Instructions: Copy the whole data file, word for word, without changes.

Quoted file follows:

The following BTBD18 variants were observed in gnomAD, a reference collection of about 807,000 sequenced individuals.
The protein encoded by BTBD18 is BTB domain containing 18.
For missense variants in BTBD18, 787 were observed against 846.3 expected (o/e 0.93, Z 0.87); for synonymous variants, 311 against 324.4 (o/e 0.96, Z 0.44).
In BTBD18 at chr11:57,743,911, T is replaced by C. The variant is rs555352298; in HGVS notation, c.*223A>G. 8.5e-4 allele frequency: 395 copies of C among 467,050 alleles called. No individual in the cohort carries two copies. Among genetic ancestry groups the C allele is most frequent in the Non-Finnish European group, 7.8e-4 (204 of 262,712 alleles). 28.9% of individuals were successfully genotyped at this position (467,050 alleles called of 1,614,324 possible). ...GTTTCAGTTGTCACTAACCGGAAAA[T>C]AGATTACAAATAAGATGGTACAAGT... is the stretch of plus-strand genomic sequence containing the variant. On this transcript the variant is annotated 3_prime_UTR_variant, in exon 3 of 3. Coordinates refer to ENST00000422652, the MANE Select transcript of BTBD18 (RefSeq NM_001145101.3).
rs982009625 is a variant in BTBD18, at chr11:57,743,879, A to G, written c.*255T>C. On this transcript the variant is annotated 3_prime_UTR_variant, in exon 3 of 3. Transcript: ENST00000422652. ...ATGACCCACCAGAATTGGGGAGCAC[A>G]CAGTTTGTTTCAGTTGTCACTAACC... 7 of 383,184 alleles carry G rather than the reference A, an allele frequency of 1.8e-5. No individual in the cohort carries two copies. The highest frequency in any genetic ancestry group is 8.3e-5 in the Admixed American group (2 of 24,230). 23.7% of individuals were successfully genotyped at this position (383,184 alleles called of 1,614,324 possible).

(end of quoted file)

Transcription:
The following BTBD18 variants were observed in gnomAD, a reference collection of about 807,000 sequenced individuals.
The protein encoded by BTBD18 is BTB domain containing 18.
For missense variants in BTBD18, 787 were observed against 846.3 expected (o/e 0.93, Z 0.87); for synonymous variants, 311 against 324.4 (o/e 0.96, Z 0.44).
In BTBD18 at chr11:57,743,911, T is replaced by C. The variant is rs555352298; in HGVS notation, c.*223A>G. 8.5e-4 allele frequency: 395 copies of C among 467,050 alleles called. No individual in the cohort carries two copies. Among genetic ancestry groups the C allele is most frequent in the Non-Finnish European group, 7.8e-4 (204 of 262,712 alleles). 28.9% of individuals were successfully genotyped at this position (467,050 alleles called of 1,614,324 possible). ...GTTTCAGTTGTCACTAACCGGAAAA[T>C]AGATTACAAATAAGATGGTACAAGT... is the stretch of plus-strand genomic sequence containing the variant. On this transcript the variant is annotated 3_prime_UTR_variant, in exon 3 of 3. Coordinates refer to ENST00000422652, the MANE Select transcript of BTBD18 (RefSeq NM_001145101.3).
rs982009625 is a variant in BTBD18, at chr11:57,743,879, A to G, written c.*255T>C. On this transcript the variant is annotated 3_prime_UTR_variant, in exon 3 of 3. Transcript: ENST00000422652. ...ATGACCCACCAGAATTGGGGAGCAC[A>G]CAGTTTGTTTCAGTTGTCACTAACC... 7 of 383,184 alleles carry G rather than the reference A, an allele frequency of 1.8e-5. No individual in the cohort carries two copies. The highest frequency in any genetic ancestry group is 8.3e-5 in the Admixed American group (2 of 24,230). 23.7% of individuals were successfully genotyped at this position (383,184 alleles called of 1,614,324 possible).